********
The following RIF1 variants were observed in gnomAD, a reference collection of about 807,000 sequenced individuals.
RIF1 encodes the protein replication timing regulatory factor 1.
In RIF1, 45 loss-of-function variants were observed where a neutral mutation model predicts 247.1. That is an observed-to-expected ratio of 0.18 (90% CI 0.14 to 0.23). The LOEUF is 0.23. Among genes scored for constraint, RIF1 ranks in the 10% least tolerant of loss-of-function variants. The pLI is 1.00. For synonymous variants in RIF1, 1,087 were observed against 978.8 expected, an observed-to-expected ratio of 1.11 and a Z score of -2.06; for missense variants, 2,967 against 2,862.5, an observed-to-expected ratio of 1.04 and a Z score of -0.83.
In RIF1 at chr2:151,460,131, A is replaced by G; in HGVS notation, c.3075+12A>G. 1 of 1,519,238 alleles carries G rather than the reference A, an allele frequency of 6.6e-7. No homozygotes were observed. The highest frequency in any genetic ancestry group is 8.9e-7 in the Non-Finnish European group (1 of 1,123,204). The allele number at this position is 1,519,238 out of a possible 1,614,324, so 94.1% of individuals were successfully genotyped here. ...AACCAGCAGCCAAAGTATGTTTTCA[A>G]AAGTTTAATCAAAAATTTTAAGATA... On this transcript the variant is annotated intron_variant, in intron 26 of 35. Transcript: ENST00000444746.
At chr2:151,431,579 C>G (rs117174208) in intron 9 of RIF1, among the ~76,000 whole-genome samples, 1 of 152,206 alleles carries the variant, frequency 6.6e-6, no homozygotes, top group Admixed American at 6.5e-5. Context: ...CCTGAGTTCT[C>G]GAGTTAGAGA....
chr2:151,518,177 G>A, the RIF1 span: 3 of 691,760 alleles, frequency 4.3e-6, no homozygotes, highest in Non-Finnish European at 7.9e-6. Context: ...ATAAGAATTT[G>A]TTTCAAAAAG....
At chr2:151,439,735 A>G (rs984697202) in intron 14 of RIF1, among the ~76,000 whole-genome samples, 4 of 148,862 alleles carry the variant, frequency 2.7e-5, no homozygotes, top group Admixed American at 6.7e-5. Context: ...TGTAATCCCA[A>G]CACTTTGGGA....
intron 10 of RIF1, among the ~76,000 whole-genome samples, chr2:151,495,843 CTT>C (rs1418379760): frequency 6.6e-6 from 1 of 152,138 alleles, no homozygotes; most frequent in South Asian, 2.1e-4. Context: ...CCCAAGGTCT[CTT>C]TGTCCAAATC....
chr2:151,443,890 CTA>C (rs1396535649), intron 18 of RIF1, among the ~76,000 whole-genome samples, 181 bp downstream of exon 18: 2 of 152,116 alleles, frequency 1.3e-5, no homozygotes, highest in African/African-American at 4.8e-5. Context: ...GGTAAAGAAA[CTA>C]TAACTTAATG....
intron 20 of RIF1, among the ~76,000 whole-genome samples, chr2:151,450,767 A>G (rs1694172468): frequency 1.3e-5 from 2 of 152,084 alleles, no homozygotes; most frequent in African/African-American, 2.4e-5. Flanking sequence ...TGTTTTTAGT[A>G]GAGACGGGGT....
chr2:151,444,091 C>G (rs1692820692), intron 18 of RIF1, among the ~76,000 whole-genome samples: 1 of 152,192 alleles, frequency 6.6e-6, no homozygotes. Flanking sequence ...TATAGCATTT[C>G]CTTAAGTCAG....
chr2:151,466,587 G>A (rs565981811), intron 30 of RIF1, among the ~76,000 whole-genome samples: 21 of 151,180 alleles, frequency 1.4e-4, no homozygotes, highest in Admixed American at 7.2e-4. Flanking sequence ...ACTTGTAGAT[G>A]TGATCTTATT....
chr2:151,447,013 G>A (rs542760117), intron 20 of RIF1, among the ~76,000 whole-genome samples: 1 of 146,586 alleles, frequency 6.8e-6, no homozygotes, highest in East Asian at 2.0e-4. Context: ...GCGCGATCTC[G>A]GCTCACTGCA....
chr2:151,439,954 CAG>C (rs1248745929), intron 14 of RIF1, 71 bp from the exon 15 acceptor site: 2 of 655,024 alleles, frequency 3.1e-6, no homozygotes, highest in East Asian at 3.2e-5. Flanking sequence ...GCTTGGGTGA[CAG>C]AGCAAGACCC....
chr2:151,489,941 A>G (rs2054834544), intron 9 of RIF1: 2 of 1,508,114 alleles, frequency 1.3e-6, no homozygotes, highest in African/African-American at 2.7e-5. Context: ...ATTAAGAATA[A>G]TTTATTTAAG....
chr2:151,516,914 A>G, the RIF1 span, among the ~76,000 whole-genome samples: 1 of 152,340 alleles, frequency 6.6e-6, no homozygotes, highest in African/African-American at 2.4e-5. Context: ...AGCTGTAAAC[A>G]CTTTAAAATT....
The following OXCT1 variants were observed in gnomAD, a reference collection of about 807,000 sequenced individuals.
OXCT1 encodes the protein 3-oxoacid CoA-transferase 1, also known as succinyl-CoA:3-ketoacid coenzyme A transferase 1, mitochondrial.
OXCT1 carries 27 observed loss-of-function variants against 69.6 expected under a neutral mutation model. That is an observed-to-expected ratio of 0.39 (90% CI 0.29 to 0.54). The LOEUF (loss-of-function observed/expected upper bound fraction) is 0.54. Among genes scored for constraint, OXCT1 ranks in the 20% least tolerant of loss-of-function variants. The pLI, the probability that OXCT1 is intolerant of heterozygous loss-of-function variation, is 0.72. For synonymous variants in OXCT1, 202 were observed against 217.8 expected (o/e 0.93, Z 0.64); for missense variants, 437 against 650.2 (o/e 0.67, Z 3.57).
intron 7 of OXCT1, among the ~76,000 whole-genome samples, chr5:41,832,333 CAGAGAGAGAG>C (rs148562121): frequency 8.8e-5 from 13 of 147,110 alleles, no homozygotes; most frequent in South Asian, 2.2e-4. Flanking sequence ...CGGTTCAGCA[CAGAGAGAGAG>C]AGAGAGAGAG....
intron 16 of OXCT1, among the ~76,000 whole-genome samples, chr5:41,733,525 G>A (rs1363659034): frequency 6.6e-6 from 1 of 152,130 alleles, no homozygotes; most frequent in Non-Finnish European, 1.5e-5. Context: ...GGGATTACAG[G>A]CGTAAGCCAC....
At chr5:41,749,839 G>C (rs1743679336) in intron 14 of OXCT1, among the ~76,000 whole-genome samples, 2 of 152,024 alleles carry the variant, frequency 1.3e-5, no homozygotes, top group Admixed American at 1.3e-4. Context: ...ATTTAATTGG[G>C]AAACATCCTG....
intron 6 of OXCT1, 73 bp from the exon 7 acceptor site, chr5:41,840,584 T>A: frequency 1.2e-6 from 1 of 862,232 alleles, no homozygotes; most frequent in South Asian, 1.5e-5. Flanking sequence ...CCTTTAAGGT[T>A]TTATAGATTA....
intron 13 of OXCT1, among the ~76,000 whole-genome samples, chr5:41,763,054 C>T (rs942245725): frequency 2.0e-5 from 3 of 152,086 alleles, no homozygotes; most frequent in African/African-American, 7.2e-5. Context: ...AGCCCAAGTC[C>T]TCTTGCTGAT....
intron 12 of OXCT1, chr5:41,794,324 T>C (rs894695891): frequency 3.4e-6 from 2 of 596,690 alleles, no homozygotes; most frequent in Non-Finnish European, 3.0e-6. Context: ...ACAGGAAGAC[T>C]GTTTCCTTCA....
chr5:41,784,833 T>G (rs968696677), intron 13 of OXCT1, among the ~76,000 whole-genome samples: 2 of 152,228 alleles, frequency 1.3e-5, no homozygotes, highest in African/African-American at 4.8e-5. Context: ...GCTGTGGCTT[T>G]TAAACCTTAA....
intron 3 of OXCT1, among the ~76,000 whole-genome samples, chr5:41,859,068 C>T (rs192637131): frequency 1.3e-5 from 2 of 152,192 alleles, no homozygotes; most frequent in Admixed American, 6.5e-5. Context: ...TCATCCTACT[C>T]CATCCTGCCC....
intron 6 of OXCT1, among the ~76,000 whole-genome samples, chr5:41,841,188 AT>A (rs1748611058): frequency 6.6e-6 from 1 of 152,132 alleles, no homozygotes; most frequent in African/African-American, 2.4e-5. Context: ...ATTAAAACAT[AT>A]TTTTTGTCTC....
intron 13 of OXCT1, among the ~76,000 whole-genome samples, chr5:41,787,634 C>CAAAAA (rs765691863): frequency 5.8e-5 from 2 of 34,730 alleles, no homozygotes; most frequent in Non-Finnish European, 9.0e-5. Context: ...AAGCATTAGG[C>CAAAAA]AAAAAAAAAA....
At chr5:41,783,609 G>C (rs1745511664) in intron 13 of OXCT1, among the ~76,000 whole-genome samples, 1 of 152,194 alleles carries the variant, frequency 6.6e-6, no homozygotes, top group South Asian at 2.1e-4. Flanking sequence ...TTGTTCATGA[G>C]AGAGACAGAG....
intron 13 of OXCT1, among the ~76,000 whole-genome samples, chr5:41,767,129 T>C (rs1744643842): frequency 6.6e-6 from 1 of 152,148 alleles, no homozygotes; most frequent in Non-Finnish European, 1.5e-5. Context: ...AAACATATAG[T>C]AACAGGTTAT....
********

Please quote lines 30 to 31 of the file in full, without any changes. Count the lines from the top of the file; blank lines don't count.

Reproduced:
At chr5:41,783,609 G>C (rs1745511664) in intron 13 of OXCT1, among the ~76,000 whole-genome samples, 1 of 152,194 alleles carries the variant, frequency 6.6e-6, no homozygotes, top group South Asian at 2.1e-4. Flanking sequence ...TTGTTCATGA[G>C]AGAGACAGAG....
intron 13 of OXCT1, among the ~76,000 whole-genome samples, chr5:41,767,129 T>C (rs1744643842): frequency 6.6e-6 from 1 of 152,148 alleles, no homozygotes; most frequent in Non-Finnish European, 1.5e-5. Context: ...AAACATATAG[T>C]AACAGGTTAT....